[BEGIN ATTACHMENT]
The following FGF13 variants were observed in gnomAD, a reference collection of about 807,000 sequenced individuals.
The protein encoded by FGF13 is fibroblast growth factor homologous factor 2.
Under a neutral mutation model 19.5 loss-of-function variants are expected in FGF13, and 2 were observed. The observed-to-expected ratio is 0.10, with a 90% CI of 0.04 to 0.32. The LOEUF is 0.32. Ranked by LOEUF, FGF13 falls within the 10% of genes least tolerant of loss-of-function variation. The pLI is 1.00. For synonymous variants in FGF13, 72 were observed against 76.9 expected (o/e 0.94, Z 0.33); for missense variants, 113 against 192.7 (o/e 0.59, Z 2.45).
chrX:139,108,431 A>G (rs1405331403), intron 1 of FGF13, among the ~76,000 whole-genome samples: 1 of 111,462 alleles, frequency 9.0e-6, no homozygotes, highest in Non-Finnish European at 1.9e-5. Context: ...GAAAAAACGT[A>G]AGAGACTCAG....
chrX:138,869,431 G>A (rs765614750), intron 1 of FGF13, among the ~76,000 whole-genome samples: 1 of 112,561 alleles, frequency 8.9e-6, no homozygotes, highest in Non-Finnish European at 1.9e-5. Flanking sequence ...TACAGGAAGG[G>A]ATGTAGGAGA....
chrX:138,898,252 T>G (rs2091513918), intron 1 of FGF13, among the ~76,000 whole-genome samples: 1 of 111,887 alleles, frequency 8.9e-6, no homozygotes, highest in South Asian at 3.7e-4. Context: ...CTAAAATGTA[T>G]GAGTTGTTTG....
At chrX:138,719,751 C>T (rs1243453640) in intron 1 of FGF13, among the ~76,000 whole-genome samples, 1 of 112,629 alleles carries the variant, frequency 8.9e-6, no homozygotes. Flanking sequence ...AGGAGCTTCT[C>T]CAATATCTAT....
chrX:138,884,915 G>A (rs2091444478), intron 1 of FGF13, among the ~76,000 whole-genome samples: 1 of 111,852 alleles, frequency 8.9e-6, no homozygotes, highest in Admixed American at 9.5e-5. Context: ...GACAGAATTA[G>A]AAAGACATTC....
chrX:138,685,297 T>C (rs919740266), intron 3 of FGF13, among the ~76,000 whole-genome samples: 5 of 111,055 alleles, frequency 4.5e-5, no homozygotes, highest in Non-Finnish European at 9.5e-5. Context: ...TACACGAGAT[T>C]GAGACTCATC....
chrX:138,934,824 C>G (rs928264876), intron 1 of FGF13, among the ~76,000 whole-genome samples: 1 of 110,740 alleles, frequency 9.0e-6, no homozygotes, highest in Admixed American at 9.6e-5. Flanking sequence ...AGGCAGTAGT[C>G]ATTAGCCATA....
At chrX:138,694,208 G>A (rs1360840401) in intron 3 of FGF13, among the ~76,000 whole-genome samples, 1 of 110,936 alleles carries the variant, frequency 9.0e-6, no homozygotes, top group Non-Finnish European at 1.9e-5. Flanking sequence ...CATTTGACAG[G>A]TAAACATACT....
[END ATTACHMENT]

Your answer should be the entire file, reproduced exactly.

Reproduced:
The following FGF13 variants were observed in gnomAD, a reference collection of about 807,000 sequenced individuals.
The protein encoded by FGF13 is fibroblast growth factor homologous factor 2.
Under a neutral mutation model 19.5 loss-of-function variants are expected in FGF13, and 2 were observed. The observed-to-expected ratio is 0.10, with a 90% CI of 0.04 to 0.32. The LOEUF is 0.32. Ranked by LOEUF, FGF13 falls within the 10% of genes least tolerant of loss-of-function variation. The pLI is 1.00. For synonymous variants in FGF13, 72 were observed against 76.9 expected (o/e 0.94, Z 0.33); for missense variants, 113 against 192.7 (o/e 0.59, Z 2.45).
chrX:139,108,431 A>G (rs1405331403), intron 1 of FGF13, among the ~76,000 whole-genome samples: 1 of 111,462 alleles, frequency 9.0e-6, no homozygotes, highest in Non-Finnish European at 1.9e-5. Context: ...GAAAAAACGT[A>G]AGAGACTCAG....
chrX:138,869,431 G>A (rs765614750), intron 1 of FGF13, among the ~76,000 whole-genome samples: 1 of 112,561 alleles, frequency 8.9e-6, no homozygotes, highest in Non-Finnish European at 1.9e-5. Flanking sequence ...TACAGGAAGG[G>A]ATGTAGGAGA....
chrX:138,898,252 T>G (rs2091513918), intron 1 of FGF13, among the ~76,000 whole-genome samples: 1 of 111,887 alleles, frequency 8.9e-6, no homozygotes, highest in South Asian at 3.7e-4. Context: ...CTAAAATGTA[T>G]GAGTTGTTTG....
At chrX:138,719,751 C>T (rs1243453640) in intron 1 of FGF13, among the ~76,000 whole-genome samples, 1 of 112,629 alleles carries the variant, frequency 8.9e-6, no homozygotes. Flanking sequence ...AGGAGCTTCT[C>T]CAATATCTAT....
chrX:138,884,915 G>A (rs2091444478), intron 1 of FGF13, among the ~76,000 whole-genome samples: 1 of 111,852 alleles, frequency 8.9e-6, no homozygotes, highest in Admixed American at 9.5e-5. Context: ...GACAGAATTA[G>A]AAAGACATTC....
chrX:138,685,297 T>C (rs919740266), intron 3 of FGF13, among the ~76,000 whole-genome samples: 5 of 111,055 alleles, frequency 4.5e-5, no homozygotes, highest in Non-Finnish European at 9.5e-5. Context: ...TACACGAGAT[T>C]GAGACTCATC....
chrX:138,934,824 C>G (rs928264876), intron 1 of FGF13, among the ~76,000 whole-genome samples: 1 of 110,740 alleles, frequency 9.0e-6, no homozygotes, highest in Admixed American at 9.6e-5. Flanking sequence ...AGGCAGTAGT[C>G]ATTAGCCATA....
At chrX:138,694,208 G>A (rs1360840401) in intron 3 of FGF13, among the ~76,000 whole-genome samples, 1 of 110,936 alleles carries the variant, frequency 9.0e-6, no homozygotes, top group Non-Finnish European at 1.9e-5. Flanking sequence ...CATTTGACAG[G>A]TAAACATACT....